How many ponies would you trust your car’s front wheels to handle? Today’s Nice Price or Crack Pipe Sentra sends 200 horses stampeding their way. Let’s see if this rowdy sedan’s price makes all that horsing around worth it.
Last Friday I invited you to all to posit your opinion as to just exactly what makes a car a ‘classic.’ There was no definitive answer to be had, but it was agreed that, classic or not, our candidate 1984 Volkswagen GTI was not worth its $7,650 asking. At least that was the case for the 55 percent of you who dunned it with a Crack Pipe vote.
Today we have a car that’s definitely not a classic, but possesses performance attributes that sort of put it in a class of its own. Datsun used to be all about the sporty cars. At one time they offered the full-on sports car, 240Z as well as the boxy but brash 510, endearingly described by many at the time as the ‘Poor Man’s BMW.’
Then things kind of went off the rails. Datsun’s products got increasingly uglier, the sporting Z turned into the touring-oriented ZX, and then the company adopted the corporate Nissan brand and seemed to forget that Datsun ever even happened.
In the decade just past, Nissan seemed to have escaped that miasma of forgetfulness. The company hasn’t gone full Datsun yet—at least not outside of Southeast Asia—but they did start to once again offer cars that were fun. The company brought back the Z, first in 350 and then 370 form. Yes, it’s not as pure an expression of a light sports car as the original 240, but, especially in Nismo form, they are a hoot to drive.
The company also has offered up a sporty sedan, although not on the mid-sized Altima or large-ish Maxima. Either of those might be an appropriate torch-bearer for the original 510, but neither gets to play.
No, where Nissan put its modern day performance sedan chances, was on the scrunchier Sentra. The Sentra remains FWD throughout all its various iterations, but while earlier editions were underwhelming and coarse in their application, those like this 2007 Sentra SE-R Spec-V proved pretty well screwed down when it comes to doing its job.
A lot of that is due to the tools you got when the car was properly spec’d. Let’s face facts here, like the competing Corolla, the Sentra is generally not a car that you seek out if you want to geek out. That goes for almost every Sentra from any iteration, or any model year. The notable exception is the SE-R Spec V. This one you might want.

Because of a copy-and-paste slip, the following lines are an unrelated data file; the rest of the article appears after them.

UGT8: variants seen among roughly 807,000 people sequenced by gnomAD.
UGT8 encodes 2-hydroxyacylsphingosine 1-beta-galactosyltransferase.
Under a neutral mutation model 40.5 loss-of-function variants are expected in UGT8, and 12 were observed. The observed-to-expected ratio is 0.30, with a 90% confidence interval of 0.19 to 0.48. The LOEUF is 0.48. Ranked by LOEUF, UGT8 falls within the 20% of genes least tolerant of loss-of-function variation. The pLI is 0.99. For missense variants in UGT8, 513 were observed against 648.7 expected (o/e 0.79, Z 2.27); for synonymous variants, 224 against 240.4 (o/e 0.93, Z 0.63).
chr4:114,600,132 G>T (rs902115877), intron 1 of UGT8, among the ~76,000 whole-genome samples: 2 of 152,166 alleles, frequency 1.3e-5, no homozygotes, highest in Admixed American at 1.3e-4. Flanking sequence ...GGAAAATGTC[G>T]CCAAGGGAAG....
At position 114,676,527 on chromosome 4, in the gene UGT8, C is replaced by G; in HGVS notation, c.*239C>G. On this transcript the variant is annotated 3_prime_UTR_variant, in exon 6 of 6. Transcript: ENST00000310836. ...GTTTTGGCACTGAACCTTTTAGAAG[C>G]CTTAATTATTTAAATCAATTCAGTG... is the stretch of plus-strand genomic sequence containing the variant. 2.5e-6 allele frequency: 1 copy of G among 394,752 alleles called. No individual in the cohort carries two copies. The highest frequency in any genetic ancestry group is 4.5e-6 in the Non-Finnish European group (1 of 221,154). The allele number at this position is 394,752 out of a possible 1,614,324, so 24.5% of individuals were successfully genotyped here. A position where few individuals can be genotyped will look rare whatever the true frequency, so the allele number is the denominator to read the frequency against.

Why? Well, check out the engine. If you’re saddled with a plain Jane Sentra from this generation you get a 2-litre four that gives it up to the tune of 140 horsepower. Jump up to SE-R equipment level and that’s replaced by a 177 horse 2.5-litre DOHC QR25DE four. Now add that Spec V badge to the boot lid and suddenly you have 200 ponies. As we all know, more is better.
Should you be unfortunately enough to have the standard Sentra or the SE-R—say willed one by a well-meaning but misguided aunt—then your only transmission option is a CVT. That, as we all know is like driving a moth. Again, things are different with the Spec V box checked on the order form. Do that and you get a 6-speed manual for all your gear shifting needs.
An uprated suspension and 17-inch alloy wheels wrapped in aggressive meats helped make those ponies behave, and gave the ’07-’12 Spec V a level of sophistication no Sentra has the rights to exhibit.
Sadly, the Sentra’s appearances couldn’t hold up their end of the bargain, and the cars look a bit awkward and chintzy. This one exacerbates that by being white, the automotive paint equivalent of a tucked in polo shirt and shorts above sandals and socks.
If you can get past the color, you’ll no doubt notice that the present owner has tried to spruce things up a bit. He’s plasticoating the wheels black and smoked the tail lamps to a similar hue. No, I don’t mean he smoked them like a doobie, they are just darker because when it comes to the lights that help keep people from rear-ending you, what you really want to do is reduce their visibility. Okay, maybe not.
The interior of the Spec V got some upgrades along with the row-yer-own. Bolstered cloth seats featuring Spec V embroidery fill the front of the cabin, while a similarly stitched bench takes up the back. It all looks decent in here, with just some wrinkling on the driver’s seat about which to complain.
That’s to be expected after 165,000 miles, as is the need to replace some consumables. In that matter, the ad notes the refresh of both ends of the clutch hydraulics, the lower control arms in front, brake pads and rotors all the way around, and news struts front and back.
The ad claims that the car: “runs and drive really good and it looks good as well very clean inside and out clean title as well”
We’ll have to talk to him about his avoidance of proper punctuation—who does he think he is, Cormac McCarthy? First however, we need to discuss his price, which is $4,700.
Yes, that’s a lot for a decade-old Sentra. The thing is, by now you should be impressed with the fact that this isn’t your run of the mill Sentra, it is in fact the only one you might really want to buy. The question is, at $4,700, should you?
H/T to EdHelmsBakery for the hookup!
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